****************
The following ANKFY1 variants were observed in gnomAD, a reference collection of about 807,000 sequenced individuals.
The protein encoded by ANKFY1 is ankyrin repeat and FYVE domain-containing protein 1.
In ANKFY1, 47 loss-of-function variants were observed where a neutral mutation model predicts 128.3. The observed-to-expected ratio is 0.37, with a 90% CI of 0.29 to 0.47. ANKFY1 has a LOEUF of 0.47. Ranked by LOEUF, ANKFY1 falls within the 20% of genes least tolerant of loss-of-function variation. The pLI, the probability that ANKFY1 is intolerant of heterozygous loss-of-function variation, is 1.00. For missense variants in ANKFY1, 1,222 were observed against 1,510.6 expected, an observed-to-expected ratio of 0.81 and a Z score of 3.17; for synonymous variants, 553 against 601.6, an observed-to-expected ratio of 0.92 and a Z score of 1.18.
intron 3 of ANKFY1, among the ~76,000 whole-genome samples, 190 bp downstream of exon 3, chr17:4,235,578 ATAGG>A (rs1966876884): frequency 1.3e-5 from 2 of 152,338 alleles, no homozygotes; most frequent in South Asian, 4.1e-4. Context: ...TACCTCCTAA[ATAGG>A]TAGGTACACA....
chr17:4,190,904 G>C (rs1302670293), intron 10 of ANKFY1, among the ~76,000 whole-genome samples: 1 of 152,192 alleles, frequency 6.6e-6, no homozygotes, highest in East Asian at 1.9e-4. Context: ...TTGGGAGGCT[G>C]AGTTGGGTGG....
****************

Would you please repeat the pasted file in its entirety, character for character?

The following ANKFY1 variants were observed in gnomAD, a reference collection of about 807,000 sequenced individuals.
The protein encoded by ANKFY1 is ankyrin repeat and FYVE domain-containing protein 1.
In ANKFY1, 47 loss-of-function variants were observed where a neutral mutation model predicts 128.3. The observed-to-expected ratio is 0.37, with a 90% CI of 0.29 to 0.47. ANKFY1 has a LOEUF of 0.47. Ranked by LOEUF, ANKFY1 falls within the 20% of genes least tolerant of loss-of-function variation. The pLI, the probability that ANKFY1 is intolerant of heterozygous loss-of-function variation, is 1.00. For missense variants in ANKFY1, 1,222 were observed against 1,510.6 expected, an observed-to-expected ratio of 0.81 and a Z score of 3.17; for synonymous variants, 553 against 601.6, an observed-to-expected ratio of 0.92 and a Z score of 1.18.
intron 3 of ANKFY1, among the ~76,000 whole-genome samples, 190 bp downstream of exon 3, chr17:4,235,578 ATAGG>A (rs1966876884): frequency 1.3e-5 from 2 of 152,338 alleles, no homozygotes; most frequent in South Asian, 4.1e-4. Context: ...TACCTCCTAA[ATAGG>A]TAGGTACACA....
chr17:4,190,904 G>C (rs1302670293), intron 10 of ANKFY1, among the ~76,000 whole-genome samples: 1 of 152,192 alleles, frequency 6.6e-6, no homozygotes, highest in East Asian at 1.9e-4. Context: ...TTGGGAGGCT[G>C]AGTTGGGTGG....